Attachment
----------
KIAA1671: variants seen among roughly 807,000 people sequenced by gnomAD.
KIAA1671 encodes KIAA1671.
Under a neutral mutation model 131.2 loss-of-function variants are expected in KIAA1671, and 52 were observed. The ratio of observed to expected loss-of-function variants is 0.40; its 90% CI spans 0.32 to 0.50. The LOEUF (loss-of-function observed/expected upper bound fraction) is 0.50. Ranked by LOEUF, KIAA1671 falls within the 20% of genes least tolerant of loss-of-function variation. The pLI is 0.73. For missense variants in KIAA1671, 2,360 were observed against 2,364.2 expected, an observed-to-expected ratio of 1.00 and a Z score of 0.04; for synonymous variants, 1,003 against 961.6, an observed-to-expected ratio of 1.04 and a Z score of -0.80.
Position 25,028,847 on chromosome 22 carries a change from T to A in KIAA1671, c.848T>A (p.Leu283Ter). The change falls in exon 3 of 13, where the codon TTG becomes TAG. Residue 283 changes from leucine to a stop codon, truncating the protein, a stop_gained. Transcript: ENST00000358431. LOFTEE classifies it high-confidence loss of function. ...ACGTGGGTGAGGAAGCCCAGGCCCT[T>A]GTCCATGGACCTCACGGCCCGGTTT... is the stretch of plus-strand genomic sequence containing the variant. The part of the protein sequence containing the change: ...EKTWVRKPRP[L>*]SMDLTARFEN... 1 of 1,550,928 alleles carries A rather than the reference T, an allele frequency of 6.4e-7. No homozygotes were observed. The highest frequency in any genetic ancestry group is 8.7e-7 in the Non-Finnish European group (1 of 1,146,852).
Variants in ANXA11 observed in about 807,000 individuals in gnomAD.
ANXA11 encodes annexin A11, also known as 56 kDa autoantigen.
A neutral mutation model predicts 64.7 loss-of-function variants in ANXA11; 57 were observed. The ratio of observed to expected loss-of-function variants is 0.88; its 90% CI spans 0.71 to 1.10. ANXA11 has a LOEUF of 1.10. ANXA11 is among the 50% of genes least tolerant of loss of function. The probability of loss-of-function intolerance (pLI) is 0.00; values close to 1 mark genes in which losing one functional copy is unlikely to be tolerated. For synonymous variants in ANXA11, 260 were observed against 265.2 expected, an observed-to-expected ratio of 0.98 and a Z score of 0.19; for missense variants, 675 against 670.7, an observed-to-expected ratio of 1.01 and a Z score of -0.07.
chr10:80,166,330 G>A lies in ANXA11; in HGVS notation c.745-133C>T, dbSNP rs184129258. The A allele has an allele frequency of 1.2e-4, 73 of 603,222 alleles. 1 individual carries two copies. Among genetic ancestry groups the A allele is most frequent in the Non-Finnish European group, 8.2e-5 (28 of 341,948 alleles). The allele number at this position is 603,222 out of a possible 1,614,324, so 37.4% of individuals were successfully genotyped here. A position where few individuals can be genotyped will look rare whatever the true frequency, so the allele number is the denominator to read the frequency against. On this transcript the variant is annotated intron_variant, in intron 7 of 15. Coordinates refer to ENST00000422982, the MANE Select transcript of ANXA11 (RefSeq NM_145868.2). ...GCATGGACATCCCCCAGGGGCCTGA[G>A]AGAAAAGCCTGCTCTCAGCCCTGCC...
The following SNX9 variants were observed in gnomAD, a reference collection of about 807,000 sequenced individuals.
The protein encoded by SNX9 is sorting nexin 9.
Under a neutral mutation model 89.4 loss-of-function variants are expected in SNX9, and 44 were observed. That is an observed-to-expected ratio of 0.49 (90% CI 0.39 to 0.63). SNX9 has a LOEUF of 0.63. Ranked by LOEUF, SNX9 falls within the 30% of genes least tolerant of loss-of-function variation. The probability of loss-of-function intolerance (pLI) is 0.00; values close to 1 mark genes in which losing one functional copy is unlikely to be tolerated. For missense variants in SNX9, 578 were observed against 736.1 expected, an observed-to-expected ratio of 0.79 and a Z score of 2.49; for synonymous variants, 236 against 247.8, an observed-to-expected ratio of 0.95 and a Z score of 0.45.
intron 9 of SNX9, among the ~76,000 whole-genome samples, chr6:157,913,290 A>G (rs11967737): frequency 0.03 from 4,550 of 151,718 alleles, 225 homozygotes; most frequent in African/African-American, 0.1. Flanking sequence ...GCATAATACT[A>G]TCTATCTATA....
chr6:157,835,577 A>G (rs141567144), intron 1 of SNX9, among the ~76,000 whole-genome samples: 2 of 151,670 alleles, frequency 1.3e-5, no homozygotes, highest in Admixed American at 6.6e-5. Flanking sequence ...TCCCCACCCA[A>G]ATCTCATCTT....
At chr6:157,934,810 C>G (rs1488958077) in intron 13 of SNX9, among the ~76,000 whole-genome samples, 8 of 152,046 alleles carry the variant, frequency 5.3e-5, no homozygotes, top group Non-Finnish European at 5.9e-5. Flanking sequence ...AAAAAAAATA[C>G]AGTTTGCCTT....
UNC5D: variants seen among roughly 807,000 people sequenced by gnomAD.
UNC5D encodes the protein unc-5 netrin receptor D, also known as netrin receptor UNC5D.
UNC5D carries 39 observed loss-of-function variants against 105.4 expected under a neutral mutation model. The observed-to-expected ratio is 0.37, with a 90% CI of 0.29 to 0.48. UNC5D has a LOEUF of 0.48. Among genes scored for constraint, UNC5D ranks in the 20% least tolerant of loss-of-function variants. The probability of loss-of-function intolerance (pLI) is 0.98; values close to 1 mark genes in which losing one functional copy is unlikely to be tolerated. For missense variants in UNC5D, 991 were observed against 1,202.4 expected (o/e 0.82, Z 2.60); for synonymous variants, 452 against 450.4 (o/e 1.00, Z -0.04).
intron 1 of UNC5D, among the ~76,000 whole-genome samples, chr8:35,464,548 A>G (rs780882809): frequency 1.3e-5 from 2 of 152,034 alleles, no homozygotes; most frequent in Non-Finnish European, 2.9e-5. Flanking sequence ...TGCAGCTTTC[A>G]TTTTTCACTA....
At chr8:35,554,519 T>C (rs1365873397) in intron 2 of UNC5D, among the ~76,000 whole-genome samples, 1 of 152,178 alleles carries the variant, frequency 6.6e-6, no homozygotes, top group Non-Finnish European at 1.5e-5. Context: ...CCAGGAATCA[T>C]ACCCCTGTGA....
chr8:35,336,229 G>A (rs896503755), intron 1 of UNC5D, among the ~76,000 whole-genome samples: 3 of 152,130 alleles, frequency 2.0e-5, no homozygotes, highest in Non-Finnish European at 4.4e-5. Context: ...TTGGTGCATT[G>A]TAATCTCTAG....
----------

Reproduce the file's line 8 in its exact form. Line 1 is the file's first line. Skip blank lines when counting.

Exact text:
chr10:80,166,330 G>A lies in ANXA11; in HGVS notation c.745-133C>T, dbSNP rs184129258. The A allele has an allele frequency of 1.2e-4, 73 of 603,222 alleles. 1 individual carries two copies. Among genetic ancestry groups the A allele is most frequent in the Non-Finnish European group, 8.2e-5 (28 of 341,948 alleles). The allele number at this position is 603,222 out of a possible 1,614,324, so 37.4% of individuals were successfully genotyped here. A position where few individuals can be genotyped will look rare whatever the true frequency, so the allele number is the denominator to read the frequency against. On this transcript the variant is annotated intron_variant, in intron 7 of 15. Coordinates refer to ENST00000422982, the MANE Select transcript of ANXA11 (RefSeq NM_145868.2). ...GCATGGACATCCCCCAGGGGCCTGA[G>A]AGAAAAGCCTGCTCTCAGCCCTGCC...